This leads me to consider my own experience. I was not breastfed; yet, miraculously, I do not have allergies, I am not diabetic, I can tolerate gluten, I am intelligent, and the bond I have had with my mother since the day I was born is stronger than any other I know. I am inclined to believe that if I give my child formula, there is still a chance for him or her to have a healthy, promising future and that he or she and I will still have a strong connection.
And so I started reading labels on popular baby formula options on the market today. While I have learned about the recent improvements of many, I find it disappointing and actually ridiculously unacceptable that the first ingredient in one of this nation’s top sellers is corn syrup. I do my best as an adult not to consume corn syrup, and I certainly want to avoid feeding it to my child, let alone newborn.
So, I think to myself: “There must be a cohort of women who don’t want to, or can’t, breastfeed, but care about the quality of the formula their baby will be consuming.”
I researched other options. There are better products available to consumers, but sifting through the jargon and lies on nutritional labels in this country is not an easy task. Not to my surprise, the best options are not found in America, likely because our government does little to support the promotion and accessibility of truly healthy products. After all, it is more lucrative to subsidize highly refined and overly processed corn products. Fortunately, there are ways to access baby formula that is widely used in Europe – formula free of added sugars, GMOs, corn syrup, and preservatives and that is made from grass-fed cows that are not treated with antibiotics or hormones. Personally, this is something that matters to me and it is likely an avenue I will explore further though I am sure, even my contemplation of this option will meet unwarranted resistance, even from the bottle-feeding pushers.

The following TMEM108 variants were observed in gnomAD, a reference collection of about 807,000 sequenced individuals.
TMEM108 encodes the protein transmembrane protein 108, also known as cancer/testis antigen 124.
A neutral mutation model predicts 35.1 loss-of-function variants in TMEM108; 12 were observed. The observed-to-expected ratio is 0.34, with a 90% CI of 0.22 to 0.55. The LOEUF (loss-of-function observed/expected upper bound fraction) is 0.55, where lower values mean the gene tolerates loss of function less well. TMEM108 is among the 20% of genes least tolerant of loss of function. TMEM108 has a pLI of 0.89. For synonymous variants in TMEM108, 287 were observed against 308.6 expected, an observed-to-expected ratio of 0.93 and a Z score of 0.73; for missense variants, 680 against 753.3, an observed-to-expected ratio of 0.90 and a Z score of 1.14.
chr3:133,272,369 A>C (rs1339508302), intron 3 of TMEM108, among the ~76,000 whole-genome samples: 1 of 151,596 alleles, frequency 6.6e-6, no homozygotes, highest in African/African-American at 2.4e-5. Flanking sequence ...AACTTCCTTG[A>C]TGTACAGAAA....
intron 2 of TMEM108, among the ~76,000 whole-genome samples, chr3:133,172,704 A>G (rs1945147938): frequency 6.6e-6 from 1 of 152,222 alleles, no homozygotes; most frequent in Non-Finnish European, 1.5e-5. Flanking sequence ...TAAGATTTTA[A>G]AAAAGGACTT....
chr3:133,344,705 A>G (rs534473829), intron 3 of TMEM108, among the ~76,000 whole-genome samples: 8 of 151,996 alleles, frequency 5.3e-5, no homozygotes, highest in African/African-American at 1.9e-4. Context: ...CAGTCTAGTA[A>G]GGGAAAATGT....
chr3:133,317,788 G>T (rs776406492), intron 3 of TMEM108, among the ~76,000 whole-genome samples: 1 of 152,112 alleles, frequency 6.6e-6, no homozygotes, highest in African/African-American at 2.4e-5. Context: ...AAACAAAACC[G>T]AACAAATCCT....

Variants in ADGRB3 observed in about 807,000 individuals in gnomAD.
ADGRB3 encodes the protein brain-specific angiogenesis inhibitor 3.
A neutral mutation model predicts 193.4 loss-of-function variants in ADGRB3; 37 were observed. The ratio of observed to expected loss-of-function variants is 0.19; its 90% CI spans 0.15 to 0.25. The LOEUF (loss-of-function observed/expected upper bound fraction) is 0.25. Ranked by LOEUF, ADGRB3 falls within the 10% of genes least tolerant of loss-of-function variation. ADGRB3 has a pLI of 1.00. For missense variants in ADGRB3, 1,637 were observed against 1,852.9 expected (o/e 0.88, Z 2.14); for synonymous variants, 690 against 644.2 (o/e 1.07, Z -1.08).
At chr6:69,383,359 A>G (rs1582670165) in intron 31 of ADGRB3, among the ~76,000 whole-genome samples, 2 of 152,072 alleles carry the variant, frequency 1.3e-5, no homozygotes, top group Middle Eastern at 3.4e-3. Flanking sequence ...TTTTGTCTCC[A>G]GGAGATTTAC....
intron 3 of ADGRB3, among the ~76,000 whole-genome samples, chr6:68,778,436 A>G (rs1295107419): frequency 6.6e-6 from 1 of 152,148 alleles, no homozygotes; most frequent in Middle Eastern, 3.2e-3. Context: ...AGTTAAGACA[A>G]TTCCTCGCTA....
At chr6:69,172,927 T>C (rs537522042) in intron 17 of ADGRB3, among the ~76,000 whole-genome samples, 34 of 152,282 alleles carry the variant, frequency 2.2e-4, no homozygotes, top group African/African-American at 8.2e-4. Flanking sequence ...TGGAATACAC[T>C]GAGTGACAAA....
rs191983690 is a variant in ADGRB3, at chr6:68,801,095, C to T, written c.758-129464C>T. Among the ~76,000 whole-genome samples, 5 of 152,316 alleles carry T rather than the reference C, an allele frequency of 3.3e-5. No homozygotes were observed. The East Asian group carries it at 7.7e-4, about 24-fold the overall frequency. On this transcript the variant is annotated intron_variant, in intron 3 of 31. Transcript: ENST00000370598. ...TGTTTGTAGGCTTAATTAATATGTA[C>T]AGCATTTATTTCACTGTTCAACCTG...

On a different note, I also can’t help but to muse at the personal nutrition choices of some of the people that tell me I “absolutely should breastfeed.” Considering what I know about the diets of the average American woman and child in this country, I question if these people care about their own health as much as they do about how I feed my baby. I assume they must consume wholesome diets free of refined sugars, processed foods, and artificial sweeteners as that would help to explain the tone of authority they use when delivering their instructions. And I wonder: have they considered exactly what I should feed my child once he or she stops breastfeeding, or do they trust me enough to make that decision on my own?